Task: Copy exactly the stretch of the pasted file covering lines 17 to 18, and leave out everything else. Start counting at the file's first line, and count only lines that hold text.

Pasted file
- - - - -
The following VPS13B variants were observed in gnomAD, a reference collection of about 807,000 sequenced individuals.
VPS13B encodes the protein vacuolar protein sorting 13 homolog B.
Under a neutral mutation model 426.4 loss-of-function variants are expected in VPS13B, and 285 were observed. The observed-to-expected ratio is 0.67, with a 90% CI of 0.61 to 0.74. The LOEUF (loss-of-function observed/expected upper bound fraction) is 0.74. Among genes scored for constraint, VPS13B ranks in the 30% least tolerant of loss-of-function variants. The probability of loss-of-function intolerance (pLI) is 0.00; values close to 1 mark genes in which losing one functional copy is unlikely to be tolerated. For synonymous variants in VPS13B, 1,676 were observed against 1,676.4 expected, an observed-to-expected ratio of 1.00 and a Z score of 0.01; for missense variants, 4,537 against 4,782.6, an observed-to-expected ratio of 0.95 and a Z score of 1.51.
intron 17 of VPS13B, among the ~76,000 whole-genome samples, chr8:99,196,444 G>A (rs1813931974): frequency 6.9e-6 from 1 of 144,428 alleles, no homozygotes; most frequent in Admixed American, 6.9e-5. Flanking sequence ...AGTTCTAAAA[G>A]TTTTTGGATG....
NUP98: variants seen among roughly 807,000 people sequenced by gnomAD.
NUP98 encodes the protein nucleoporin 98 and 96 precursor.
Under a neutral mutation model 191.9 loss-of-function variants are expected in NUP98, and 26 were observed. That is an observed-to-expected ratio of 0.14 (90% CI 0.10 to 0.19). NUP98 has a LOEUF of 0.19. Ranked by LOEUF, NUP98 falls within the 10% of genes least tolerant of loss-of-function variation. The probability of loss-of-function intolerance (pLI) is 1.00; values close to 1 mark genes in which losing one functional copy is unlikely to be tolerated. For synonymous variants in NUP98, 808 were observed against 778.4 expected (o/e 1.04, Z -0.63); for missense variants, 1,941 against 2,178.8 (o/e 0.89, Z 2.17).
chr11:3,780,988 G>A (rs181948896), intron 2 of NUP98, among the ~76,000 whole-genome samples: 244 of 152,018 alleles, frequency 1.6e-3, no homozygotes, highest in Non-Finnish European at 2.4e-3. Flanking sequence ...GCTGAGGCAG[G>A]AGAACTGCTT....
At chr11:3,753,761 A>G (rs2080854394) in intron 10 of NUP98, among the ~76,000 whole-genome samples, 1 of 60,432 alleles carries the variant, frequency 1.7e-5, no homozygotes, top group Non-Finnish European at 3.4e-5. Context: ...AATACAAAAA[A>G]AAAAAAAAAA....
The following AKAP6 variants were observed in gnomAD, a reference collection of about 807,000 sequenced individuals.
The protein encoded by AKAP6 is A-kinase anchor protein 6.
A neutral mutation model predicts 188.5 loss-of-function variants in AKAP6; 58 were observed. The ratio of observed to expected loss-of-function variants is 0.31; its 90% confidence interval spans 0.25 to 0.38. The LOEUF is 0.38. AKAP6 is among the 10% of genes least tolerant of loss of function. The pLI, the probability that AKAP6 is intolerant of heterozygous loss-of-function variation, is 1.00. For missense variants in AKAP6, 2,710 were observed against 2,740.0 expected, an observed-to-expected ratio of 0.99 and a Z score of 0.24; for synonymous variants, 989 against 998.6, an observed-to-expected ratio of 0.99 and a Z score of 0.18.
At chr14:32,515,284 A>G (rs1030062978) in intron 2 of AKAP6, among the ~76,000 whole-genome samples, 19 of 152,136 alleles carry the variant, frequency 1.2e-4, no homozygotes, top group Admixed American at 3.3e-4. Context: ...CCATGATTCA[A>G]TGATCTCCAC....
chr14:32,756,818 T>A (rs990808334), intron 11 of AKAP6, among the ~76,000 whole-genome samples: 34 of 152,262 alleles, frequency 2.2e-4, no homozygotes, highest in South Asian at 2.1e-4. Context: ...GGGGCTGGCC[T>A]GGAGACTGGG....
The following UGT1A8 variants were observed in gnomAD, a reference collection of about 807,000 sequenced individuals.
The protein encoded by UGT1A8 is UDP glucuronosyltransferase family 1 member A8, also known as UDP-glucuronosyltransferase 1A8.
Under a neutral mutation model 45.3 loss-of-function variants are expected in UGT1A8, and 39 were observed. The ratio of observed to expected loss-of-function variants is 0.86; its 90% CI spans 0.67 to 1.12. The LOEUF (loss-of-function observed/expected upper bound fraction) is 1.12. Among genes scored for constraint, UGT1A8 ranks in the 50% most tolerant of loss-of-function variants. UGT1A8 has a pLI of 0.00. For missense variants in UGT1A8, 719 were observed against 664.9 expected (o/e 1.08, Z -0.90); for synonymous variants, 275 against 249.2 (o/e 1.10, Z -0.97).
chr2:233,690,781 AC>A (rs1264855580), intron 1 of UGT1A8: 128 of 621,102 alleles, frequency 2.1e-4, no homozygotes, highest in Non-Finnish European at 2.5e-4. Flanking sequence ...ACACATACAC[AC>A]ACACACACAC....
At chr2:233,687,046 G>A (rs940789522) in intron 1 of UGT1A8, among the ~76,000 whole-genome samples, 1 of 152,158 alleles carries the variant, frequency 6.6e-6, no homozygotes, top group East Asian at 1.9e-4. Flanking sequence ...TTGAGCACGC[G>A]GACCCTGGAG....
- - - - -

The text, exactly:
Under a neutral mutation model 45.3 loss-of-function variants are expected in UGT1A8, and 39 were observed. The ratio of observed to expected loss-of-function variants is 0.86; its 90% CI spans 0.67 to 1.12. The LOEUF (loss-of-function observed/expected upper bound fraction) is 1.12. Among genes scored for constraint, UGT1A8 ranks in the 50% most tolerant of loss-of-function variants. UGT1A8 has a pLI of 0.00. For missense variants in UGT1A8, 719 were observed against 664.9 expected (o/e 1.08, Z -0.90); for synonymous variants, 275 against 249.2 (o/e 1.10, Z -0.97).
chr2:233,690,781 AC>A (rs1264855580), intron 1 of UGT1A8: 128 of 621,102 alleles, frequency 2.1e-4, no homozygotes, highest in Non-Finnish European at 2.5e-4. Flanking sequence ...ACACATACAC[AC>A]ACACACACAC....